Running footwear is potentially an extrinsic risk factor that may modify the training load an athlete can tolerate before incurring a running-related injury. However, there is currently only limited evidence on the relationship between shoe features and running-related injury risk. Amongst others, it is currently unclear to what extent shoe cushioning influences injury risk.
A recent randomized trial including 800+ recreational runners demonstrated a protective effect of greater shoe cushioning on running injury but did not explain the underlying mechanism. In this trial, the participants randomly received one of two running shoe models that differed by ∼35% in their cushioning properties. A 6-month follow-up revealed that those using the Soft shoe version had a lower injury risk compared to those having received the Hard version (HR= 1.52; 95% CI = 1.07–2.16; Soft shoe group is the reference). Furthermore, a stratified analysis showed that, in contrast with popular belief, only lighter runners benefitedfrom this protective effect of greater shoe cushioning (HR= 1.80; 95% CI = 1.09–2.98), while no effect was observed in heavier runners (HR= 1.23; 95% CI = 0.75–2.03).
The use of cushioning systems in running shoes is based on the assumptions that external impact forces relate to injury risk, that footwear cushioning material can reduce these impact forces, and that cushioning itself has no other detrimental effect on injury risk. Some literature data suggests impact force-related variables, such as vertical impact peak force (VIPF) and vertical instantaneous loading rate (VILR), to be related to running injury risk, but the evidence is inconsistent
The main objective of this study was to seek a functional explanation to the protective effect of the Soft shoeversion observed previously.
This was a participant- and assessor-blinded randomized trial with a biomechanical running analysis atbaseline and a 6-month follow-up on running exposure and injury risk, comparing two running shoe prototypes which only differed regarding their cushioning properties.
Leisure-time runners (n = 848) were randomly allocated to the study groups. Volunteers were included if they were in good health, aged 18–65 years, and capable of performing 15 min of consecutive treadmill running.
Two versions (Hard and Soft cushioning) of an anonymized conventional running shoe model were specifically designed and provided by a sport equipment manufacturer. Apart from the cushioning properties, the two versions were identical, with a mass of 337 ± 17 grams. Global stiffness differed by 35.4% (94.9 ± 5.9 and 61.3 ± 2.7 N/mm in the Hard and Soft versions, respectively).
The baseline biomechanical running analysis was performed on a split-belt treadmill instrumented with force plates using the allocated shoe type. The protocol consisted of a 3-minute warm-up, followed by an 8-minute habituation phase at the self-declared preferred running speed, followed by a 2-min data collection phase at the same running speed. The 3-dimensional ground reaction forces were recorded at 2 kHz.
An analysis of variance (ANOVA) was used to compare the means between the two study groups, with speed as co-variable given that the participants were tested at their self-declared preferred running speed.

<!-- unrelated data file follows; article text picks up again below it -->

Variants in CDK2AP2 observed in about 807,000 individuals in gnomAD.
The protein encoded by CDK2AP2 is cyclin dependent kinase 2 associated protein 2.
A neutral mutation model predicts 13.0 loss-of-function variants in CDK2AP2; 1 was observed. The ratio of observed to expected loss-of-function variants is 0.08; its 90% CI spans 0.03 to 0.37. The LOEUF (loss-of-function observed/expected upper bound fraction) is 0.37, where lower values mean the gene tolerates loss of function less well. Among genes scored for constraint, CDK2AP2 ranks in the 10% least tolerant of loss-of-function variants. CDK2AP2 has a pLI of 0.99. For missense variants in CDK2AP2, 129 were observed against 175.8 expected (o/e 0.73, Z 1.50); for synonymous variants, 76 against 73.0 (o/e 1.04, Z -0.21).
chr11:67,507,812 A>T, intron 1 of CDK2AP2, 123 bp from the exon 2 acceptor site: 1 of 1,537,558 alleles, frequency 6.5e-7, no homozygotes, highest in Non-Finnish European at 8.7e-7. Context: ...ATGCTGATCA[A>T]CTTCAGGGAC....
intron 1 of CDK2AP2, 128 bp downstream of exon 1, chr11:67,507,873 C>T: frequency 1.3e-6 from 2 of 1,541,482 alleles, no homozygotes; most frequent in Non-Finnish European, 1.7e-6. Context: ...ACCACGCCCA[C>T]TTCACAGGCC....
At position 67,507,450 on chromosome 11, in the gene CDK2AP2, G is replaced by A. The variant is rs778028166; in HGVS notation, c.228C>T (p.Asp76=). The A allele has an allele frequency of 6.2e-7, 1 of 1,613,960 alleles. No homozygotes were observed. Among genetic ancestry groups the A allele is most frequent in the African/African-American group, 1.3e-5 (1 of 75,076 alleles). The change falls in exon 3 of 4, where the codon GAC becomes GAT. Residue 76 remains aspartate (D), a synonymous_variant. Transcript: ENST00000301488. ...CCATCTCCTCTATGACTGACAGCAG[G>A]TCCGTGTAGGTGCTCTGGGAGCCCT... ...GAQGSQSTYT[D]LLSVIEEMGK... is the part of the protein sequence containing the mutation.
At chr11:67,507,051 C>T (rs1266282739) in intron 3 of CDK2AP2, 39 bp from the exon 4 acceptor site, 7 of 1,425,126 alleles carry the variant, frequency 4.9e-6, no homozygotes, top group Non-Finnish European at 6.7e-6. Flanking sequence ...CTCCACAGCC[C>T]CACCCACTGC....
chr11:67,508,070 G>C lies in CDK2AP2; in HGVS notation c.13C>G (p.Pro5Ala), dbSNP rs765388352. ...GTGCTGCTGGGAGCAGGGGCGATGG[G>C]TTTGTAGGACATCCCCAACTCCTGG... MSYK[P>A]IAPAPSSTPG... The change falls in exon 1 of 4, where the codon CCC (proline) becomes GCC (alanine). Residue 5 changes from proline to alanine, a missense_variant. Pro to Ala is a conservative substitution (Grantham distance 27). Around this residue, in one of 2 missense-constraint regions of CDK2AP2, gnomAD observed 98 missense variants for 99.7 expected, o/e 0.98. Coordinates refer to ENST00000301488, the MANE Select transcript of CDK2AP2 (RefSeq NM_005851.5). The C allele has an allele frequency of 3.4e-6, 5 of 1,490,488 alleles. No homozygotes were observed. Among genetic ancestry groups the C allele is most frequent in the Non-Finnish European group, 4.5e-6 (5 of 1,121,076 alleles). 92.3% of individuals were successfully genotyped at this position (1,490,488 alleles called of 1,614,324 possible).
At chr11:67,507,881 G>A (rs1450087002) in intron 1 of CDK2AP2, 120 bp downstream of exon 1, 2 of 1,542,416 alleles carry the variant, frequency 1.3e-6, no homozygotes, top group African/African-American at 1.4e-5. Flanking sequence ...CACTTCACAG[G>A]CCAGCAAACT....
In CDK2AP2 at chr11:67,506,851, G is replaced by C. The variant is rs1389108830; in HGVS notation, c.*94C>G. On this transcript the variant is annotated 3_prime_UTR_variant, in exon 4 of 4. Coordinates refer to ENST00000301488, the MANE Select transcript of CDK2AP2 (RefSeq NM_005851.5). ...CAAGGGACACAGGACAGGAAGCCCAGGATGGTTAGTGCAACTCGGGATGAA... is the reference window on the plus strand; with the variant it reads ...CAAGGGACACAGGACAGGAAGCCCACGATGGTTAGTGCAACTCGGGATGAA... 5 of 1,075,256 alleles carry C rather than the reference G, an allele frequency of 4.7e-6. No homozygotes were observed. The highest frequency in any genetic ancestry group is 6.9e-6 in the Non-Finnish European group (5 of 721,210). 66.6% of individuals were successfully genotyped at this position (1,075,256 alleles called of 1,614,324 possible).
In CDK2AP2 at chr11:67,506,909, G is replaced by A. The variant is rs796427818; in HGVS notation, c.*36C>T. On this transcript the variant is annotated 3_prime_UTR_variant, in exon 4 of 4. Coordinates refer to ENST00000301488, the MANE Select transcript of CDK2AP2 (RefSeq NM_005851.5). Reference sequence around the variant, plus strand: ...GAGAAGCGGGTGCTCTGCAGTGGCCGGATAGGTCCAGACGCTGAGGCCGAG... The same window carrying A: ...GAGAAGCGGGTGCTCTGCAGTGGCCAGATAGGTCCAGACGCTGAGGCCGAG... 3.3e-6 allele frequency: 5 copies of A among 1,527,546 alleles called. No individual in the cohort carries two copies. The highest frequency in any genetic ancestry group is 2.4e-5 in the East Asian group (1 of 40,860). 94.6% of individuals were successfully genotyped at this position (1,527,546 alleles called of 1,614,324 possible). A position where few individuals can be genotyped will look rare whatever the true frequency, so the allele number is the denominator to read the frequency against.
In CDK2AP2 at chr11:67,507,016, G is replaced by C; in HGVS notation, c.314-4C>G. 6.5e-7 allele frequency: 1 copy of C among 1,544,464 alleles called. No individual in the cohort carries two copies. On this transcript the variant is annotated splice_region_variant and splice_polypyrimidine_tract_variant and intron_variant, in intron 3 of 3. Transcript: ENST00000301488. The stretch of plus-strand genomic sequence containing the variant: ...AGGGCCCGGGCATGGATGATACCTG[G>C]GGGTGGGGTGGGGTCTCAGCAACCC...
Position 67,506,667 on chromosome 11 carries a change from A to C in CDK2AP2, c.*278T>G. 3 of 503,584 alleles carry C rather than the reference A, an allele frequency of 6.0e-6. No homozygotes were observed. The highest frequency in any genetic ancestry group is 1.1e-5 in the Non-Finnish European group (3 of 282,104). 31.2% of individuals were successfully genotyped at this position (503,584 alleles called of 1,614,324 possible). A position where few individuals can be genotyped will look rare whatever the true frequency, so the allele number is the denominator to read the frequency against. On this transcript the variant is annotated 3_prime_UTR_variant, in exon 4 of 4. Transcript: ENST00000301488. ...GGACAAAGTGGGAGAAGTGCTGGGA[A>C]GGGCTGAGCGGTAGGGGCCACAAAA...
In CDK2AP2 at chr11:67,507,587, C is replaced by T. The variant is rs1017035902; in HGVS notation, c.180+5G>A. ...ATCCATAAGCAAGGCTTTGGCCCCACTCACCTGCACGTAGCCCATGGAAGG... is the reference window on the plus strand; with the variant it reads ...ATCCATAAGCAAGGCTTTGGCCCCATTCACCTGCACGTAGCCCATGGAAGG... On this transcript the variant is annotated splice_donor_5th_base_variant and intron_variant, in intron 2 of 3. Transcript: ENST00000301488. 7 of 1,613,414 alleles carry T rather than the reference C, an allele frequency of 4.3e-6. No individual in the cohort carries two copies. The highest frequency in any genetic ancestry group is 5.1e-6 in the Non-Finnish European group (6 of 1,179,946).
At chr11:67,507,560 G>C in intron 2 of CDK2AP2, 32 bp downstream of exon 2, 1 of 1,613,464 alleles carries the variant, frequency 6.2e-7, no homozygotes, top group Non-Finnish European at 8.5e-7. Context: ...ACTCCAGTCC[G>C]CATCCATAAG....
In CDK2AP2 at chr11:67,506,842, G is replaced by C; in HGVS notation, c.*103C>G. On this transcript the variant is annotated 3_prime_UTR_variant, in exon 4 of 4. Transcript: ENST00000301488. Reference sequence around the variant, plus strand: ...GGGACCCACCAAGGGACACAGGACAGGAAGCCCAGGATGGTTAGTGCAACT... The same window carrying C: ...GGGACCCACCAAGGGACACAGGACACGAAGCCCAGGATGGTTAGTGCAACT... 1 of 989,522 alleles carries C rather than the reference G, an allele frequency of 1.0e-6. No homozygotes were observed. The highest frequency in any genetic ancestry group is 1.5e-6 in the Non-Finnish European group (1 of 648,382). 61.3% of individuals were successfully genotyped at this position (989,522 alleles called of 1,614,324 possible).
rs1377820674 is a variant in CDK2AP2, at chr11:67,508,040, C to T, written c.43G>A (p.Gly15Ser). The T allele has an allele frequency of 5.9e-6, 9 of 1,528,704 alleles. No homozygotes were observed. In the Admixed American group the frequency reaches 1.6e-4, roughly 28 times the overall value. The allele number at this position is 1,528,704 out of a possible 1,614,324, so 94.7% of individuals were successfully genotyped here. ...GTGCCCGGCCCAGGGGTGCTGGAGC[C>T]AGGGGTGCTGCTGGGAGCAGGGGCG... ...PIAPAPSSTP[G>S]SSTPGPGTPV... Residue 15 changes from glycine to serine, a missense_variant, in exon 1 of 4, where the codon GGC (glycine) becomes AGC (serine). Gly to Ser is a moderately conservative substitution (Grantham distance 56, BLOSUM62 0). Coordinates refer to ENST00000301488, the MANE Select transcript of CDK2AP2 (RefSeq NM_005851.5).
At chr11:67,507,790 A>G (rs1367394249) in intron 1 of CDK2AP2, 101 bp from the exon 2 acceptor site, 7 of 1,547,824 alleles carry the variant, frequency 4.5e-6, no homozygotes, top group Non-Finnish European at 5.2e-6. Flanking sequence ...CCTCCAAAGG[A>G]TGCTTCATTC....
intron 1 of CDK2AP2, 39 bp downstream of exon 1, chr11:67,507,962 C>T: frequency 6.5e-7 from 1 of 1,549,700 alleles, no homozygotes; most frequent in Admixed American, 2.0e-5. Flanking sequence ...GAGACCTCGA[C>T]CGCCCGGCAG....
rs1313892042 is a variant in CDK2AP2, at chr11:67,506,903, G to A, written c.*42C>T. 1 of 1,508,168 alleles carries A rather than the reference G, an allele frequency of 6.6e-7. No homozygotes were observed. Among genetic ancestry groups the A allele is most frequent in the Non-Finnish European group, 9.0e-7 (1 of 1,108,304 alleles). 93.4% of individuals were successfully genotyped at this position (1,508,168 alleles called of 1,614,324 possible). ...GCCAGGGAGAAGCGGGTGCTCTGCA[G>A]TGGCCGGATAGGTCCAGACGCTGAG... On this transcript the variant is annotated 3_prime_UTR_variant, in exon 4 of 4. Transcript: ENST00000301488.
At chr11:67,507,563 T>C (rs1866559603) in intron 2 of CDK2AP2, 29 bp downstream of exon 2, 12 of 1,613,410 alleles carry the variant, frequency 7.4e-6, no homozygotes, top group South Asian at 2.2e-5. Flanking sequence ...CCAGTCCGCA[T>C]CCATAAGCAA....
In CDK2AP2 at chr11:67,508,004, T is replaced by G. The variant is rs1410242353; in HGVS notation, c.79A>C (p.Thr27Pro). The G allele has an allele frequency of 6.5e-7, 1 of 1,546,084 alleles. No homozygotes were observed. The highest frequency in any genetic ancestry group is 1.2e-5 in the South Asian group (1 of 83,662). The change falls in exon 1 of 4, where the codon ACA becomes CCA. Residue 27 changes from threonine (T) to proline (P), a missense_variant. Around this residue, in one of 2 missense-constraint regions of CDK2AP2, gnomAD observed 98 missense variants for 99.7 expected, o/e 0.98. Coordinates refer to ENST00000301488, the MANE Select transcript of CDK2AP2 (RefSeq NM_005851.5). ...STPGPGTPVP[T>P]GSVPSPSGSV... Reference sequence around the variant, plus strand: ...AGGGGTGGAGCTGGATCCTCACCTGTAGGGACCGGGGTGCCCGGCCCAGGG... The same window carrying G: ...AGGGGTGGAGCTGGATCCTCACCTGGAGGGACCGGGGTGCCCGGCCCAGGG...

Given that a lower injury risk was previously observed in the Soft shoe group of the same cohort, and considering prior literature findings on impact forces and injury risk, the authors hypothesized that VILR and VIPF would be lower in the Soft shoe group.
Contrary to these expectations, a significantly higher VIPF was observed in the Soft shoe group compared to the Hard shoe group (1.53 ± 0.21 vs. 1.44 ± 0.23, respectively; p < 0.001, 6.9%), and the effect size was medium.
However, the proportion of steps with detectable VIPF was lower in the Soft shoe group (84 vs. 97%, Soft shoe and Hard shoe groups, respectively; p < 0.001). A longer time to VIPF was observed in the Soft shoe group (46.9 ± 8.5 vs. 43.4 ± 7.4 milliseconds, Soft shoe and Hard shoe groups, respectively, p < 0.001; 7.8%;medium effect).
No significant differences were observed for VILR (60.1 ± 13.8 vs. 58.9 ± 15.6 BW/s for Soft and Hard shoe group, respectively; p = 0.070) or any other kinetic variable.
When stratifying the participants according to body mass, the differences between the two shoe groups regarding VIPF, the proportion of steps with detectable VIPF and the time to VIPF remained statistically significant in both lighter and heavier runners. No other difference between the shoe groups was observed in either of the body mass categories, except for a slightly longer time to peak force observed in the Hard shoe group among the heavier runners.
The findings demonstrate that the beneficial effect of greater cushioning cannot be explained by a decrease in vertical impact peak force and loading rate. Taken alone, these GRF metrics are not appropriate markers to illustrate the relationship between shoe cushioning and injury risk, while delayed VIPF and the proportion of steps displaying a VIPF may be of relevance here.
Malisoux L et al. (2021) Effect of shoe cushioning on landing impact forces and spatiotemporal parameters during running: results from a randomized trial including 800+ recreational runners, European Journal of Sport Science, 21:7, 985-993.
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